Xzavier: I’ll say this: a few months before the adidas x Pharrell “SUPERSHELL” Campaign between the three of us, we’d gone to Studio88 in Braamfontein to buy Superstars and we quite simply couldn’t afford a pair for each of us. They were retailing for R649 at the time. Because of the shared intentions and ideals of the group we bought two pairs of Superstars for us to then shoot and create multiple shoots. As life would have it, weeks later we were offered the SUPERSHELL campaign, were told they’d rather replace Pharrell with our faces for the store front- which locally for ANY brand and sportswear brand was unheard of, garnered a slew of international interest, and shortly afterwards I packed my bags, moved to Cape Town with all my savings and began interning there. Almost two years later, I’m proud to still be working within the Drei Streifen. I’m proud of the people we grew into throughout the campaign and beyond!
Wanda: One of the best South African soccer players to ever come out of this country Ace Ntsoelengoe once got a shoe design and deal with adidas between the years 1984/85, that for me is significant. adidas is and will always be family.
Q: Considering your contribution to youth/creative culture in SA, what’s your take on its current state? What misconceptions do you think brands and those looking from the outside in have about it?
Xzavier: Truthfully, I really hate talking about our youth/creative culture in South Africa, as I usually get worked up and I become quite dark, cold and harsh about it all because this is all we got. Between those calling themselves curators just because all their pictures on Instagram are in three shades, features delicious monsters and they have “influencer” in their bio… FUCK. RIGHT. OFF. YOU LOOK LIKE EVERYONE ELSE, we need to see you, who you are, your identity. The world already has Aleali May, Travis $cott and Virgil, why the fuck do you want to be a carbon -copy of any of them? For free shoes and clothes from brands you believe will validate you to us? Please. I’m grown; between you having nothing to offer me but either your beauty or purple dreads and Vans Sk8 Hi’s, I’m not sold. It’s taken some time though I was quite hypercritical of “the youth,” for not allowing emerging creatives to learn from their mistakes, understanding that their choice of mimicking international artists was a means of them searching for their own voice and now instead thought to rather guide those that looked to me for advice and support. That’s the journey I’ve chosen. In regards to brands and their hand in culture: it’s not entirely the fault of the brand, as it’s the brand who know very well that they’re understanding of their consumer and the average South African may be outdated and their answer is hiring an agency that are specialists in (x) for their guidance and creative execution to communicate to that said consumer. That being said, is it not then the fault of the agency when campaigns fall short on execution, message, etc.? I.e. Nasty C and Mercedes Benz botched Photoshop execution of their “aspirational” campaign that I silently believe was supposed to be a takedown of the brands global A$AP Rocky execution. For the good: there’s a lot though, Black Twitter inspires me and those I see creating their own path for the greater good through their own voice give me hope i.e. Pap Culture, Sibu Mpanza, Dear Ribane, Noirwave, FAKA, Gabrielle Kannemeyer, Lazi Mathebula, Urban Mosadi, The Bubblegum Club, SELFI, Lukhanyo Mdingi, Hanro Havenga, Book Of Swag, and the list goes on.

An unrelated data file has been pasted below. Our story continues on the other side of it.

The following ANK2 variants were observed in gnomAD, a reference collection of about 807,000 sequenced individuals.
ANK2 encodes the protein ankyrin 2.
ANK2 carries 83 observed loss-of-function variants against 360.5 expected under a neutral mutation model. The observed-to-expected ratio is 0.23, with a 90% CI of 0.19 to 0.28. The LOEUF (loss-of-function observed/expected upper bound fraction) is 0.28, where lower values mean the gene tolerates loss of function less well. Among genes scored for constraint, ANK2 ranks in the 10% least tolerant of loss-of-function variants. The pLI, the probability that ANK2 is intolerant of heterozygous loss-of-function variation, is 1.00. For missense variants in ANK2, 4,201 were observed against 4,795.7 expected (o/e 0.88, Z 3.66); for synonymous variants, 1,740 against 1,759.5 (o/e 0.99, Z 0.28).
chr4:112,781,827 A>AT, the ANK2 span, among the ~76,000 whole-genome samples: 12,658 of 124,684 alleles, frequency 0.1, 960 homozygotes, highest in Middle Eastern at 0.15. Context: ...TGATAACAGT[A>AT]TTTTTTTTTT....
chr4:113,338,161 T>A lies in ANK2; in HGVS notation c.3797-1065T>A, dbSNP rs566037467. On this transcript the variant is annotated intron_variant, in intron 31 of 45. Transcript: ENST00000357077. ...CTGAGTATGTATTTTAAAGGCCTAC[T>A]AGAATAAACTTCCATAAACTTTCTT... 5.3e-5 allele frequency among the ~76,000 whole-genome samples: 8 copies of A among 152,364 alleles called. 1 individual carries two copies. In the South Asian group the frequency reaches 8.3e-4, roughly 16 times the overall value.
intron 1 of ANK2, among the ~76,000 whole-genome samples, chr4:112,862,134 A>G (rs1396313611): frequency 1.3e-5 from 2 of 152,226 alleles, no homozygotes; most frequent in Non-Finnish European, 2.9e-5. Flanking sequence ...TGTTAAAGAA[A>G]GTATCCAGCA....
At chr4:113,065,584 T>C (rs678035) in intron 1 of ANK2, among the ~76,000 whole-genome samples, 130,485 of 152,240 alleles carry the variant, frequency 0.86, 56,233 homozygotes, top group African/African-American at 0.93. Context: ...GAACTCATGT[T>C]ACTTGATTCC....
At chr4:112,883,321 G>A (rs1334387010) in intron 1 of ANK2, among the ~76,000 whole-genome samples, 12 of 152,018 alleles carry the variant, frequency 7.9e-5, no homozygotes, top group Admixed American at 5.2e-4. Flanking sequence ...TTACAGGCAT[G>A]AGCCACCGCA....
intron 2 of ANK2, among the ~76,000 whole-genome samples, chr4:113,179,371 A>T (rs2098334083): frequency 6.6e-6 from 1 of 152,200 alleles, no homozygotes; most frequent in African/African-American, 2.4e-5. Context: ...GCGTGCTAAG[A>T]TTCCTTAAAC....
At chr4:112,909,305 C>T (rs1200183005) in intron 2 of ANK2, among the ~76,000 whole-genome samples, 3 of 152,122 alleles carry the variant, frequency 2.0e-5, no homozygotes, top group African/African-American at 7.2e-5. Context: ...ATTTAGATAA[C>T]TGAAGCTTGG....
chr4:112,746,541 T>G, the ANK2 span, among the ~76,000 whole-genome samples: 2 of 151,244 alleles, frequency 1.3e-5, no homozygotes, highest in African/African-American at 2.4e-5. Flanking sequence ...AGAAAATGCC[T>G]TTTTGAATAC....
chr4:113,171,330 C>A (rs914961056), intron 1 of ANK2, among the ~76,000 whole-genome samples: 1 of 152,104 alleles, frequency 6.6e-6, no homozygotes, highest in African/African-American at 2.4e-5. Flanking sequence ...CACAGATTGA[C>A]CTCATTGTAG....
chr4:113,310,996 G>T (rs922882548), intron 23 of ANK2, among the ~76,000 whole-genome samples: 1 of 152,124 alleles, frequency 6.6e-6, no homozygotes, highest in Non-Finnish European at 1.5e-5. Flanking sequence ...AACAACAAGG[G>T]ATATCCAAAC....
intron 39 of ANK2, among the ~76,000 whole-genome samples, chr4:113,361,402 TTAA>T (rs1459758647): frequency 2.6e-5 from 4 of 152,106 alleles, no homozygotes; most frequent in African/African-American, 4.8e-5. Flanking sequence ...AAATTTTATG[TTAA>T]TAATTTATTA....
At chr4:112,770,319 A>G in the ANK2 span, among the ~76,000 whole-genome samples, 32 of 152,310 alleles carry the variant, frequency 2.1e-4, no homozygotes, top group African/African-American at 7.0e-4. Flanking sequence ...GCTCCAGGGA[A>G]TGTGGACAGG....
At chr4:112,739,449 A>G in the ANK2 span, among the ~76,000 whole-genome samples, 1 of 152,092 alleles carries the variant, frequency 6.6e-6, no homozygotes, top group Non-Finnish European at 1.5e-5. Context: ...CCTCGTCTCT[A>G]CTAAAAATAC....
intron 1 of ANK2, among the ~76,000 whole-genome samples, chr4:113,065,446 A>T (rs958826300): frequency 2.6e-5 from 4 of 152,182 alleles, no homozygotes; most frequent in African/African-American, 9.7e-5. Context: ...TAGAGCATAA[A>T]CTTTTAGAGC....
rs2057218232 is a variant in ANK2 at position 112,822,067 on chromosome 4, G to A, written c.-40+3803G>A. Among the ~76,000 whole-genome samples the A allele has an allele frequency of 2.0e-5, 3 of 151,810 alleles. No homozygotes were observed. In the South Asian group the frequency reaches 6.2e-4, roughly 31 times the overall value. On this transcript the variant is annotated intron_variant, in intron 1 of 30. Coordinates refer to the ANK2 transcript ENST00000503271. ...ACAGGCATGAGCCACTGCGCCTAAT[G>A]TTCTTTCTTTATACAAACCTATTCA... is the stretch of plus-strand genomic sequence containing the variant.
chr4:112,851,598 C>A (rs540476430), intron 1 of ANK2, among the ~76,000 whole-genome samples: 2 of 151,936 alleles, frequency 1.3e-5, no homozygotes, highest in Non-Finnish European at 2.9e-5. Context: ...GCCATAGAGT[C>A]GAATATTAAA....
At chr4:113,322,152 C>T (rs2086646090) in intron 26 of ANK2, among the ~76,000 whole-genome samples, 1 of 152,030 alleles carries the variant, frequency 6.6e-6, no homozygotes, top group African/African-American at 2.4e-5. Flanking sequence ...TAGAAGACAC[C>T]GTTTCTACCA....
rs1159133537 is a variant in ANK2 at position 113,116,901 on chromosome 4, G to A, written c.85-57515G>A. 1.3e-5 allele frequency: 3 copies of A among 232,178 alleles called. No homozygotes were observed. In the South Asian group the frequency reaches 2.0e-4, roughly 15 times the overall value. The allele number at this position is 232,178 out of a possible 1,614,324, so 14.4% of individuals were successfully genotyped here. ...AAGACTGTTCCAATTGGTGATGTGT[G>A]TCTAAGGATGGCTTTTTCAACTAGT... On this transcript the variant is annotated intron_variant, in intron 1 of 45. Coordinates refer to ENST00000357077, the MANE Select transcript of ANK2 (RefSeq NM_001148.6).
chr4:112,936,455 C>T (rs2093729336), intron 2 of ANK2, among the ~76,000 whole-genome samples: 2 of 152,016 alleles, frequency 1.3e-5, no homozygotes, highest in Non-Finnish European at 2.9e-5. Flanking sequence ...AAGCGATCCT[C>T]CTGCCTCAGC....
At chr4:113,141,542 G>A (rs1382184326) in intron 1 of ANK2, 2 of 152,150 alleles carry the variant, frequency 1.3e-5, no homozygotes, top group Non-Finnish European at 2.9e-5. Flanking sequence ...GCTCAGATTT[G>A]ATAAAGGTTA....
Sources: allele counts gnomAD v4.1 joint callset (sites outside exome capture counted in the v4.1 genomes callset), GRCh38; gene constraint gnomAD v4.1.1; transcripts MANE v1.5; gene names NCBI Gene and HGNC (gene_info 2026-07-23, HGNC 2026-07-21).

Wanda: Personally my opinion to this conversation is I’m only looking forward to my own collection and the next collection, nothing else.
Q: Your influence in the creative space is unique in that you’ve managed to use it as a springboard to create product i.e. the Adidas suit, Wanda’s clothing brand, the Levi’s collab etc. How did these come about? Is this something that was always a goal when the collective was formed?
Xzavier: When I look at the brothers and I, I’m proud of our intentions when we create and the shared sentiment: in a time of faces, we’ve chosen to rather be voices. Those two things, I believe will continue to guide our voice throughout the coming years and already reflect in all that we do individually and collectively.
Wanda: I’m always only interested in the next design and the next collection.
(Photo: Keagan Kingsley)
Q: Whose (brands/people) are on your collaboration wish list?
Xzavier: I’d definitely like to continue our Levi’s “50S” (Sartists) customization labour of love and add to the garments already created like our 50S patchwork beret, Engineered kimono, patchwork durag, etc. to hopefully one day exhibit them in global and local platforms. Lord knows, we don’t do that here or foster that experimentation amongst our creative industry. So it’s for those that look at their environment(s) differently to share their perspective. Additionally, Alpha Industries, adidas, Nike, Kangol, A Bathing Ape, HBA, Needles, Nadine Ijewere, Rizzoli Publications, Sacai, SELFI (local) and Wanda Lephoto (local), to name a few. There are so many people I follow on Instagram that inspire me every day and I’d like to work alongside, so the list is truly quite long.
*Side note: Wanda, stays sleeping on me and all my ideas and doesn’t take me seriously when I say I want to collab with him so if any of you can talk sense to him, please do so, help me. Thank you in advance! FW18, maybe?
Wanda: Dear Ribane, Lazi Mathebula, Urban Mosadi and Xzavier Zulu for our next collection.
(Photo: Keagan Kingsley)
Q: What can we expect next from you guys?
Xzavier: I really don’t know… For what feels like a lifetime ago, I was quite anal about planning and ensuring our calendar was filled with projects, test shoots, etc. and for now I take things as they come and do what feels right at that particular moment. So no, no plans here, but whatever comes to mind will be done.
Wanda: The next collection.